There’s a difference between making didactic arguments and influencing people’s attitudes.
Let’s say that many thoughtful blogs make didactic arguments. The articles I write do. They are intended to be instructive and provide interested individuals with the material to discuss things influentially later.
But influencing people’s attitudes requires making positive appeal to the sensibilities of the person or people you are talking to. An example of this happened yesterday. I had a discussion with a Christian steeped in that sort of theology that focuses on the miraculous as a benefit to the physical welfare of the believer.
Specifically, he brought up as a matter of discussion a devotion by Joseph Prince he had recently read. He said that a woman who was blind came to him for healing. He told her to close her eyes and tell him what she saw.
“Nothing,” she replied.
Then Joseph Prince told her to imagine herself with perfect vision and tell him what she saw. She then described a beautiful scene of green fields, etc. When she opened her eyes, she had perfect vision.
So my brother was amazed by the miraculous physical healing that we can have if we only have the right understanding of how to think about God.
Now, Christians who follow faith healers cognitively attribute such miracles to God. That’s not a bad thing. That’s what it means to give God the glory. God does good things that we want to use to tell others about God. The problem is that it’s a really low view of God. The gospel is so much greater and more glorious than mere physical miracles. The gospel is the sacrifice of His son to atone for our sins and when we are associated with Christ, then we get to suffer sacrificially in His service of the gospel to others as long as we are here on earth.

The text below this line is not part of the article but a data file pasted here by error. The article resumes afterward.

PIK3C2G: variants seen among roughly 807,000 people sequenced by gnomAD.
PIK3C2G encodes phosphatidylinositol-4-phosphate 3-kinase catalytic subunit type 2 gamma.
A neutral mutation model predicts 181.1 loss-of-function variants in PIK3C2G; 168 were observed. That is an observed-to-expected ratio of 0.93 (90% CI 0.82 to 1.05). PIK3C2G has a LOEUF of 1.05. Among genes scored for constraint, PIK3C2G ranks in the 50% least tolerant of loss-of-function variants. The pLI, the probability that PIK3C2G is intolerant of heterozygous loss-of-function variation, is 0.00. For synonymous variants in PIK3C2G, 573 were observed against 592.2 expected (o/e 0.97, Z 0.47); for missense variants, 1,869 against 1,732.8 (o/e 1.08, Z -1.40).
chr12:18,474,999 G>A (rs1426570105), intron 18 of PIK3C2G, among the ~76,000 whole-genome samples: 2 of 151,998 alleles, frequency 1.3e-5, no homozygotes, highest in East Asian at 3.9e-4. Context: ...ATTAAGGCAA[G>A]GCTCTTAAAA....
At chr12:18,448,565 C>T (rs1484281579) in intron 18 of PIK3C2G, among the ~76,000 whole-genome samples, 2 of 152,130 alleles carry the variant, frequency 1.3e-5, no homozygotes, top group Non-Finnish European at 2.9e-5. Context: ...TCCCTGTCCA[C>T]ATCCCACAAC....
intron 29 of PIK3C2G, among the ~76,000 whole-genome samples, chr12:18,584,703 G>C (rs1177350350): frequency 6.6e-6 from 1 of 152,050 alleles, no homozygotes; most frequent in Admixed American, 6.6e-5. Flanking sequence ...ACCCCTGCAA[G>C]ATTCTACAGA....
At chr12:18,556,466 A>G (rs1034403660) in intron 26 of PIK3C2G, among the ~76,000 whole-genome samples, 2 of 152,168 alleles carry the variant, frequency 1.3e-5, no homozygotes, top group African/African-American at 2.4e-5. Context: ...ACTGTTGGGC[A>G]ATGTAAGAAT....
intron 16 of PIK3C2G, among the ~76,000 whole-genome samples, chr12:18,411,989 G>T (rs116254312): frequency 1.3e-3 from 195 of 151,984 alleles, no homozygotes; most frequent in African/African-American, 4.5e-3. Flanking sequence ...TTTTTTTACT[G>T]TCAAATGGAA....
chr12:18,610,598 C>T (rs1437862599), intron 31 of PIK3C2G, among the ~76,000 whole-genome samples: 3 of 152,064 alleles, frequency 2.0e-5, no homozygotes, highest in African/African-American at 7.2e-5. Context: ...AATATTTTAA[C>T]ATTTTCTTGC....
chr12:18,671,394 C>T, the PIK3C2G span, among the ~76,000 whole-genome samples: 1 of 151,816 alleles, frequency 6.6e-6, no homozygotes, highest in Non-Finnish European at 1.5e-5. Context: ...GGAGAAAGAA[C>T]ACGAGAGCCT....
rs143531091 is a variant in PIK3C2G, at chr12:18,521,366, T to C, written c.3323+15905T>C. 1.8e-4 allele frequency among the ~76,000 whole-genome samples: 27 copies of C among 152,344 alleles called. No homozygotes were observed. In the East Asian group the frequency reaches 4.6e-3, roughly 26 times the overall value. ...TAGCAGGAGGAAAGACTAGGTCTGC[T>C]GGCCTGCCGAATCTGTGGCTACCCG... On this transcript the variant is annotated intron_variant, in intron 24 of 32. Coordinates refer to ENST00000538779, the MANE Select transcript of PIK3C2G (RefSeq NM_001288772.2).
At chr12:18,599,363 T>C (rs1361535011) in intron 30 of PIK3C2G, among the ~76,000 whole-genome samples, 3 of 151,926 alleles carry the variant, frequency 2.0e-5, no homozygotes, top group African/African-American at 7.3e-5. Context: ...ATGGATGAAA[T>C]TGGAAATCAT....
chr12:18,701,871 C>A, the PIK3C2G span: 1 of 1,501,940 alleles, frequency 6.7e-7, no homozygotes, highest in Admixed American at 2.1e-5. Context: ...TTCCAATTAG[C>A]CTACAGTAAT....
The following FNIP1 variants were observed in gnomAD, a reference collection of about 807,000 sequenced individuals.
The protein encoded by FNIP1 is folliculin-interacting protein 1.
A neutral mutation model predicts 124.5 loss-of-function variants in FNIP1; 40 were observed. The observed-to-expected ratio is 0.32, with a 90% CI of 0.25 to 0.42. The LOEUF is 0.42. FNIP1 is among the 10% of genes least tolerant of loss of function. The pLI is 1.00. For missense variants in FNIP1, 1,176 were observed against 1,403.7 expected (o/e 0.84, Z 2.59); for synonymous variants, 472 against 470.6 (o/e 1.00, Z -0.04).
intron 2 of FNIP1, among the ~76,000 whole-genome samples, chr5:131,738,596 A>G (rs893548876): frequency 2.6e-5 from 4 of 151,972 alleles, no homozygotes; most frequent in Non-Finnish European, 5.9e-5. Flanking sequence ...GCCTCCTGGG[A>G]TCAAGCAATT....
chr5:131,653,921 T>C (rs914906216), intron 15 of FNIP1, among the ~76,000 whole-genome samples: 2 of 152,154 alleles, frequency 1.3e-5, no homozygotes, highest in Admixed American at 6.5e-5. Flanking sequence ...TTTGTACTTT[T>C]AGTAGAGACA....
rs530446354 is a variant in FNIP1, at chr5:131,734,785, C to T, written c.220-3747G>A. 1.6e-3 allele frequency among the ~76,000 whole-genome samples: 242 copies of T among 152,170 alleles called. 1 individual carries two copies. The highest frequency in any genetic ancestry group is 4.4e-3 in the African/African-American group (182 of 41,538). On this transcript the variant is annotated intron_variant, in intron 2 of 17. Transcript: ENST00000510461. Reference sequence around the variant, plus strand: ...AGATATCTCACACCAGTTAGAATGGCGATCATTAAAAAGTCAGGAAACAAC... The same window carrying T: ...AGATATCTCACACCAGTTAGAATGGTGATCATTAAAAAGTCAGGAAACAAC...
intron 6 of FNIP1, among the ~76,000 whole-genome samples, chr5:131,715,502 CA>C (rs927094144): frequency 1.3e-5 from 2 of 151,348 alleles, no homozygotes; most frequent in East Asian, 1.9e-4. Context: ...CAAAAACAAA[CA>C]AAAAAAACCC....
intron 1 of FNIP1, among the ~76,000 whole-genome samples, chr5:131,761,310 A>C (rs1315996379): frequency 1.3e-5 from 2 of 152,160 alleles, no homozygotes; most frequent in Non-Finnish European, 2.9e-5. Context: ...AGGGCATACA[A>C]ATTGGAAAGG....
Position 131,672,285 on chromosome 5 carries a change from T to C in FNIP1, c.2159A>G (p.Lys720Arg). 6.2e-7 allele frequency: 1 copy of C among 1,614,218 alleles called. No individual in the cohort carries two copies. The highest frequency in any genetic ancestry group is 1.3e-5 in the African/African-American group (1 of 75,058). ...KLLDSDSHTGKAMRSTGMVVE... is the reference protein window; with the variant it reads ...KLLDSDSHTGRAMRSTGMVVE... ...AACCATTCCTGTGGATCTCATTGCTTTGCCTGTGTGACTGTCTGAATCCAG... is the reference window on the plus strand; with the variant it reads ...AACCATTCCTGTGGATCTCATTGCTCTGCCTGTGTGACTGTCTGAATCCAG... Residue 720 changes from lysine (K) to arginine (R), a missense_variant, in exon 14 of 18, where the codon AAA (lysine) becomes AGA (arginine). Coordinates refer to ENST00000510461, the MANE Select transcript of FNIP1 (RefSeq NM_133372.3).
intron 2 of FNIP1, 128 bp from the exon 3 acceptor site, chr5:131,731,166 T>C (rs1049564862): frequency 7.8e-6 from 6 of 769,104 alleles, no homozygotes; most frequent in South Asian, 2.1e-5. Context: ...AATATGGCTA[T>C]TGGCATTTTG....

That’s the rub. It’s the suffering that most glorifies God because it is aligned with the gospel in the pattern of it. Physical miracles are temporary. How many people healed by faith healers are immune to death? None of them. Suffering betrays a spiritual truth that the sufferer knows that transcends death.
Worse, there is an implication in the Joseph Prince devotion, as is in the general school of “faith” that dwells on such things, that implies what I would consider a serious error. That error is that while it can be said that God did the miracle, he did it in response to some act of faith. So really, this teaching implicitly focuses on the ability of the miracle recipient to obtain the miracle by generating the right kind of faith. If someone gets a miracle because they have the right faith, then the miracle recipient is the one who is glorified. When things are good, we don’t need God. When things are not good, then the Bible is a self-help book and God is the manager of the great health-care/welfare system in the sky.
The thing is, I might write this here, but when I have a real person in front of me that I can talk to and work with, my conversation looks vastly different.
In this case, I told my Christian brother about a blind man I know. He was a successful businessman up until a few years ago when he was struck blind. He went into a period of despair when that happened until he realized that God could work through him despite his blindness. He now writes a weekly article where he encourages Christians around the world and has participated in street evangelism efforts.
I didn’t add to it any commentary. I didn’t need to. But I could tell by the look in his eyes that his understanding of how God works through our weaknesses was improved. Blindness in this case wasn’t something to be healed of. Blindness was something that yielded a greater spiritual vision. Ultimately, God was glorified by inflicting temporary weakness on his creation because a greater and enduring strength was to be seen by it.